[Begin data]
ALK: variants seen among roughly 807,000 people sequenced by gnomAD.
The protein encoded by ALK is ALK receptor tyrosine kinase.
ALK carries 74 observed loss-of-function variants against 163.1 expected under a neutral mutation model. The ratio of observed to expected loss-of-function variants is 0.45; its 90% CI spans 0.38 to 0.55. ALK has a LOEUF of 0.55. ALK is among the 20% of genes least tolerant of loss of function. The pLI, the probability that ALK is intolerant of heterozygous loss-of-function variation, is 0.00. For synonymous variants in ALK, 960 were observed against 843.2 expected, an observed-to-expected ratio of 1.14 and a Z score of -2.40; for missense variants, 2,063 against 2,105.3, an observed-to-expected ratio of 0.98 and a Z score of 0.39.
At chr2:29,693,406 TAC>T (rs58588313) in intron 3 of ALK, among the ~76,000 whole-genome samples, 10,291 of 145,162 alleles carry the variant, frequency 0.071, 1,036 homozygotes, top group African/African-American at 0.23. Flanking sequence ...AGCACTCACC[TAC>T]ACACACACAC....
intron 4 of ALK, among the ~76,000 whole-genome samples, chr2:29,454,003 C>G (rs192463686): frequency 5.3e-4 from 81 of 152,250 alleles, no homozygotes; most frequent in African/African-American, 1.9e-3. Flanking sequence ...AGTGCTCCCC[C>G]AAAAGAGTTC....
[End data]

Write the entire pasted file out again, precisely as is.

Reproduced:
ALK: variants seen among roughly 807,000 people sequenced by gnomAD.
The protein encoded by ALK is ALK receptor tyrosine kinase.
ALK carries 74 observed loss-of-function variants against 163.1 expected under a neutral mutation model. The ratio of observed to expected loss-of-function variants is 0.45; its 90% CI spans 0.38 to 0.55. ALK has a LOEUF of 0.55. ALK is among the 20% of genes least tolerant of loss of function. The pLI, the probability that ALK is intolerant of heterozygous loss-of-function variation, is 0.00. For synonymous variants in ALK, 960 were observed against 843.2 expected, an observed-to-expected ratio of 1.14 and a Z score of -2.40; for missense variants, 2,063 against 2,105.3, an observed-to-expected ratio of 0.98 and a Z score of 0.39.
At chr2:29,693,406 TAC>T (rs58588313) in intron 3 of ALK, among the ~76,000 whole-genome samples, 10,291 of 145,162 alleles carry the variant, frequency 0.071, 1,036 homozygotes, top group African/African-American at 0.23. Flanking sequence ...AGCACTCACC[TAC>T]ACACACACAC....
intron 4 of ALK, among the ~76,000 whole-genome samples, chr2:29,454,003 C>G (rs192463686): frequency 5.3e-4 from 81 of 152,250 alleles, no homozygotes; most frequent in African/African-American, 1.9e-3. Flanking sequence ...AGTGCTCCCC[C>G]AAAAGAGTTC....